4. God hath undertaken to rectify their judgments. Now they will not be convinced of those things which God tells them in his word. Ministers take much pains to convince them, but all is in vain. Therefore God will undertake to convince them, and he will do it effectually.—Now they will not be convinced of the truth of divine things. They have indeed convincing arguments set before them; they hear and see enough to convince them; yet so prone are they to unbelief and atheism, that divine things never seem to them to be real. But God will hereafter make them seem real.
Now they are always doubting of the truth of the Scriptures, questioning whether they be the word of God, and whether the threatenings of Scripture be true. But God hath undertaken to convince them that those threatenings are true, and he will make them to know that they are true, so that they will never doubt any more for ever. They will be convinced by dear experience. Now they are always questioning whether there be any such place as hell. They hear much about it, but it always seems to them like a dream. But God will make it seem otherwise than a dream. Now they are often told of the vanity of the world; but we may as well preach to the beasts, to persuade them of the vanity of earthly things. But God will undertake to convince them of this; he will hereafter give them a thorough conviction of it, so that they shall have a strong sense of the vanity of all these things.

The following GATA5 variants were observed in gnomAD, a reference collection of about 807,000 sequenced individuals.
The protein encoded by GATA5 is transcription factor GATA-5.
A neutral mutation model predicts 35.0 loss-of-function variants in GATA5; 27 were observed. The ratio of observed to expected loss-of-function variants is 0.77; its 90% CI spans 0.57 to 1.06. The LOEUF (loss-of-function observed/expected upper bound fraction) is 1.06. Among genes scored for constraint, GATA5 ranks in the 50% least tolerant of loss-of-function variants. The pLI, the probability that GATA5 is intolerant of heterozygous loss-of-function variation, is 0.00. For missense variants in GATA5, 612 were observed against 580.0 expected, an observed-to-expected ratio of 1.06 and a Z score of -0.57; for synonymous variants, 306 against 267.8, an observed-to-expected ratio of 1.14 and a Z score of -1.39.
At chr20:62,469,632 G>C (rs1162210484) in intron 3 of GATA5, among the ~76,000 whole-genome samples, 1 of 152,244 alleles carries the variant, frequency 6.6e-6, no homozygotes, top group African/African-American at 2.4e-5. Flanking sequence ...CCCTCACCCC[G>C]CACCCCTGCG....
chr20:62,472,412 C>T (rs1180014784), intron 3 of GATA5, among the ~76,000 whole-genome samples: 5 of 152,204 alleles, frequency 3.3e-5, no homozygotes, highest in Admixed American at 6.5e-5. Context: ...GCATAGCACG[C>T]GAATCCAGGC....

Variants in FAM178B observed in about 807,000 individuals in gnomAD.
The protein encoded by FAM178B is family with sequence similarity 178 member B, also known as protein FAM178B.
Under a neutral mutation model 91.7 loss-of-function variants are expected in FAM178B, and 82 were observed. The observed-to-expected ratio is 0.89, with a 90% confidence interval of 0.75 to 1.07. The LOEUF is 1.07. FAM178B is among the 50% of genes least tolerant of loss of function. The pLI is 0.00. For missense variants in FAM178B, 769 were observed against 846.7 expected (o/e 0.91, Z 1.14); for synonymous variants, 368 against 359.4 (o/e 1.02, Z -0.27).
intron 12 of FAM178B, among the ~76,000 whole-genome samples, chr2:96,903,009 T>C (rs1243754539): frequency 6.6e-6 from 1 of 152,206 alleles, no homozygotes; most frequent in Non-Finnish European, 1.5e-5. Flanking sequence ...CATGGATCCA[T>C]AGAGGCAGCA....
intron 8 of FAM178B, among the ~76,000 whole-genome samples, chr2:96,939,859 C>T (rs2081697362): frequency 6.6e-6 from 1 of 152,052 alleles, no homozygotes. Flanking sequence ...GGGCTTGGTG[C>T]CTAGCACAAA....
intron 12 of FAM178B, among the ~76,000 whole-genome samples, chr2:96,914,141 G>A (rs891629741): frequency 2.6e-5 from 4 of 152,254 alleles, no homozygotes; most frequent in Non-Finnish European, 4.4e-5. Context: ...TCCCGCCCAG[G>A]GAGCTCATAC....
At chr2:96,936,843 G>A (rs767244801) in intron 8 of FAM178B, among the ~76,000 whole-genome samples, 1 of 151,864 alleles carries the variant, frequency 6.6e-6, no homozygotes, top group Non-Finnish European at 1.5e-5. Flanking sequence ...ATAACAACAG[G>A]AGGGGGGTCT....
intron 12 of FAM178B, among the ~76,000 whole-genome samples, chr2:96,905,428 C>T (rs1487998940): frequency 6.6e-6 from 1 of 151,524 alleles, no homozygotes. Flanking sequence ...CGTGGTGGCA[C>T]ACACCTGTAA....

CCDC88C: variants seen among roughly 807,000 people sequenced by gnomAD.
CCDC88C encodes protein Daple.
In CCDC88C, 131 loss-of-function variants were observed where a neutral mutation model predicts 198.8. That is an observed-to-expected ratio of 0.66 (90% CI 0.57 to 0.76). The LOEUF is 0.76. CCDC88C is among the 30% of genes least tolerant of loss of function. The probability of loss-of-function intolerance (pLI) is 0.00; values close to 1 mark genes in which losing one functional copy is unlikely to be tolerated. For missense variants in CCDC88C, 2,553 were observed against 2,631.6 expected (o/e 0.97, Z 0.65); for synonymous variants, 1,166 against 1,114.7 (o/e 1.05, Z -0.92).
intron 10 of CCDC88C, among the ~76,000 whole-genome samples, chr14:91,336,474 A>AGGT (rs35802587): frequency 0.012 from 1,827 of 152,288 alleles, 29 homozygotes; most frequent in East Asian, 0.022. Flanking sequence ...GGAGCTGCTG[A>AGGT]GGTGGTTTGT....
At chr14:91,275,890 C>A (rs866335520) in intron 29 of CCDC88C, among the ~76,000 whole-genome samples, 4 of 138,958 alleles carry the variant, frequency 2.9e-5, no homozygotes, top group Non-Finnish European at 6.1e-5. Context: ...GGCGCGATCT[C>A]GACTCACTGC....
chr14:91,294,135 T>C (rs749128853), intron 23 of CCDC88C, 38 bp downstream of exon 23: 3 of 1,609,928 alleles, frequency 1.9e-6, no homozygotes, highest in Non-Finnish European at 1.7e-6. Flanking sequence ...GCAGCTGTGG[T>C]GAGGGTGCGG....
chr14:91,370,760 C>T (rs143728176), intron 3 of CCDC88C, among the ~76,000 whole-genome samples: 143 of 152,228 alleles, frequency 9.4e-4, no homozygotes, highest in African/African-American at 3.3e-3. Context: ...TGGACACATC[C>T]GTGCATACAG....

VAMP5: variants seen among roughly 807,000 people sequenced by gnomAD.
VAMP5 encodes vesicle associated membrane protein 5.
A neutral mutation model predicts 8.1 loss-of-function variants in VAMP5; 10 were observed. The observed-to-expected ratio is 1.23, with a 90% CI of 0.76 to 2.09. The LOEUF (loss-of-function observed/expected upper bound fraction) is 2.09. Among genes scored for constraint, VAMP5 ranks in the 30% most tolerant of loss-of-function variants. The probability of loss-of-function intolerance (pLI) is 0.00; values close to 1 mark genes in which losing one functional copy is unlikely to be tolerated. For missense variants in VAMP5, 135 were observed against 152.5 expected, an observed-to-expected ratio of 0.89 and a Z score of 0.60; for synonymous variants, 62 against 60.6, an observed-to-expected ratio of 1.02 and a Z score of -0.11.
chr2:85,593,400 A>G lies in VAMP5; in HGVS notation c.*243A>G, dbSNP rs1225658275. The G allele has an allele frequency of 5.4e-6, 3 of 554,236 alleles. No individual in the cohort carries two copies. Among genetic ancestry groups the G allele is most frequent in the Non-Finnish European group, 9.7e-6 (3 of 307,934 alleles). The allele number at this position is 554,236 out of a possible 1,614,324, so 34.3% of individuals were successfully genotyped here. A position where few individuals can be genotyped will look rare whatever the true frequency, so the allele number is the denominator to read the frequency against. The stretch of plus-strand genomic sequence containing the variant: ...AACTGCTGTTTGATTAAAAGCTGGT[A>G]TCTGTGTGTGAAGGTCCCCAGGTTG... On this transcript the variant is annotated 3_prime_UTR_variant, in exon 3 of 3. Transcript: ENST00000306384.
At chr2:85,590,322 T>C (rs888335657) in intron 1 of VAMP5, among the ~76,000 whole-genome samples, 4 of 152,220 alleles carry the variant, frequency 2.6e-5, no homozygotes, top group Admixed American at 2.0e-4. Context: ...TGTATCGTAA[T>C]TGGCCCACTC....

Now ministers often tell sinners of the great importance of an interest in Christ, and that that is the one thing needful. They are also told the folly of delaying the care of their souls, and how much it concerns them to improve their opportunity. But the instructions of ministers do not convince them, therefore God will undertake to convince them.